By Isa Jones
By Mary Willson
By Brian Turk
By Drew AIles
By Taylor Boylston
By Bree Davies
By Emerald O'Brien
Westword: You all seem to come from punk-rock backgrounds. So why play country music?
Jon Snodgrass: The gear, like the amps and everything, is a lot lighter. It's a lot less stuff to carry.
So it's a practical thing?
Seriously, though, it just happened when we were messing around. Every song that we have ever written was written on the acoustic guitar. It's honest. I like punk rock, too, but I never really wrote a song on the electric guitar. Between punk and country, I don't really think that the songs have changed much. I can only speak for myself, but the songs that I write for this band are just about the same that I wrote for Armchair Martian. Obviously, they evolve, and you learn new tricks and you grow. Really, every Armchair Martian song could be a Drag the River song. It's just not as loud. But it still rocks.
Are you caught up in the alt-country title? Does it not seem appropriate for the band?
I don't really know what kind of band we are anymore. I was really glad whenever I read a review that said, "This is not an alt-country band." I was like, "Finally! Thank God!" People get desensitized to words, like with the word "emo." You get pigeonholed into a sound. I don't even really know what alt-country is anymore -- it's all just rock and roll, anyway. Sometimes the coolest thing is when there's a kid that's like a punk-rocker or whatever, and they bring their dad to our shows. And sometimes it happens vice versa. It's nice that our music is so broad. We don't fit into any titles -- but then again, people always say that kind of stuff about their band.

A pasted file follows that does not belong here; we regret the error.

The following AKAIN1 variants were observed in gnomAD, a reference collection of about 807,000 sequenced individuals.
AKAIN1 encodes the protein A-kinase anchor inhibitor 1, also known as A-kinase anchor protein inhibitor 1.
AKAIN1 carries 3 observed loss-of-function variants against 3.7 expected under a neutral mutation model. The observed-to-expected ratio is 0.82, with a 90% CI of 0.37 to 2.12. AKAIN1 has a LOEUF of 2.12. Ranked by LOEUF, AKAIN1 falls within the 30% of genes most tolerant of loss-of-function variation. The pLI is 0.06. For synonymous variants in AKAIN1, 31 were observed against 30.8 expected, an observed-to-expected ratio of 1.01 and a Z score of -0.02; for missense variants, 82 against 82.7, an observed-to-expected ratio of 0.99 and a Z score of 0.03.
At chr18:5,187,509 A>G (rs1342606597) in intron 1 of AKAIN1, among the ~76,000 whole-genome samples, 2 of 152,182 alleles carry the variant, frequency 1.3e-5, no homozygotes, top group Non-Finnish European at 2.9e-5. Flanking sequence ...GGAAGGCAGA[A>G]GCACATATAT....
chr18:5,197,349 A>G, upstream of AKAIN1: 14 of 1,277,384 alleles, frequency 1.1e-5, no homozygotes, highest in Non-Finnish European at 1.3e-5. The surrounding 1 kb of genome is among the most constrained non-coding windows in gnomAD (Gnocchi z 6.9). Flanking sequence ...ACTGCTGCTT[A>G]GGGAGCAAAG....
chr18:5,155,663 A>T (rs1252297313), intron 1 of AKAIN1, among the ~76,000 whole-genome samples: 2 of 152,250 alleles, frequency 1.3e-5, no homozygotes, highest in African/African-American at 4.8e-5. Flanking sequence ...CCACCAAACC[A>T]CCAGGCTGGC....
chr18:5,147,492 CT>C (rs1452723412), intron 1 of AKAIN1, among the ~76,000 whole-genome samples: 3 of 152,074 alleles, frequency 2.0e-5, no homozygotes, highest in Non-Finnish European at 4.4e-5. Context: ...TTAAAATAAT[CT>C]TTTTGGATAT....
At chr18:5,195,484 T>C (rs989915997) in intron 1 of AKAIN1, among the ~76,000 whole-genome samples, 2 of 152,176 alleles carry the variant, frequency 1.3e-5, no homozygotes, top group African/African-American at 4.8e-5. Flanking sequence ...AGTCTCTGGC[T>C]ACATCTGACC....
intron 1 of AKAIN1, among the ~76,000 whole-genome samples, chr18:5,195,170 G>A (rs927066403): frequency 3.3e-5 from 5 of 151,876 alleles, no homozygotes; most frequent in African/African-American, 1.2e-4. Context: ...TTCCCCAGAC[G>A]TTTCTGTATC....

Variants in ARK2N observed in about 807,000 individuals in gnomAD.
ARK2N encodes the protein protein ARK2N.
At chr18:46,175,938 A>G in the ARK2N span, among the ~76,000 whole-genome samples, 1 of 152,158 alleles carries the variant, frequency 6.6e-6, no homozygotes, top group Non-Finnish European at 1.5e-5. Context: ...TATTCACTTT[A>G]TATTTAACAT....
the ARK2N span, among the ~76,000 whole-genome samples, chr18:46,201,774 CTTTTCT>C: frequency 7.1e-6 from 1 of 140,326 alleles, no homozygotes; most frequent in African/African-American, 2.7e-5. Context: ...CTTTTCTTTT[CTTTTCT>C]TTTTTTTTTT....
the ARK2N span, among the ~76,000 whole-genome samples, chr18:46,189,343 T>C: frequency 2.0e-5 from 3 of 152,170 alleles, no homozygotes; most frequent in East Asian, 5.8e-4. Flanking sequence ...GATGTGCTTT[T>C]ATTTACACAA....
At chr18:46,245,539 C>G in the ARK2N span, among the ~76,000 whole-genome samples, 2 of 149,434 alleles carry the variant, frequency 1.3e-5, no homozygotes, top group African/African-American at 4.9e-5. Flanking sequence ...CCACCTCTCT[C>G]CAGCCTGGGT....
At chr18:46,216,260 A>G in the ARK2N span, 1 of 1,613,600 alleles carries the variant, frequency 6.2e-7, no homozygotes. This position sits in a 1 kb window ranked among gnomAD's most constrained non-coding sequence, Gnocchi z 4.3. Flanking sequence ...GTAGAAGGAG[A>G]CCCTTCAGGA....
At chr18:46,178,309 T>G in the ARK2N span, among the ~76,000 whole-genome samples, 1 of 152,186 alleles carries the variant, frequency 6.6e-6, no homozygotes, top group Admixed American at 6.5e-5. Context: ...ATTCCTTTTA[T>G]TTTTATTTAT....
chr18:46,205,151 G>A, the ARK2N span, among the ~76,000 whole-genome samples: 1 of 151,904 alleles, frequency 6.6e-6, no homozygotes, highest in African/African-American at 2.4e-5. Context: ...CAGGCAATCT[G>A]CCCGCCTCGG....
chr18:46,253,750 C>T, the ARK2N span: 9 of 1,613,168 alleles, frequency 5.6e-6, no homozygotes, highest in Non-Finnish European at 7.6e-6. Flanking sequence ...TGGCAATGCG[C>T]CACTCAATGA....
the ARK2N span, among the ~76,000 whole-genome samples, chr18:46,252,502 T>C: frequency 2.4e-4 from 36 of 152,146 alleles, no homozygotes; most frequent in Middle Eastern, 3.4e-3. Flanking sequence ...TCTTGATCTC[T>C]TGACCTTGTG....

For a band that started off as a side project, when did things start to get serious?
We got more serious at the turn of the millennium, when we started playing more and going on tour. We were booking more and more shows, and more and more people were liking it. The next thing we knew, we were playing one hundred shows a year, and then even more after that. We were on the road for two-thirds of the year. We never practice -- ever. We just make records and go on tour, and that's it. I think we practiced twice last year. Basically, it's like we learn how to play the songs during soundcheck in Chicago, and hopefully by the time we get to Boston, it sounds okay.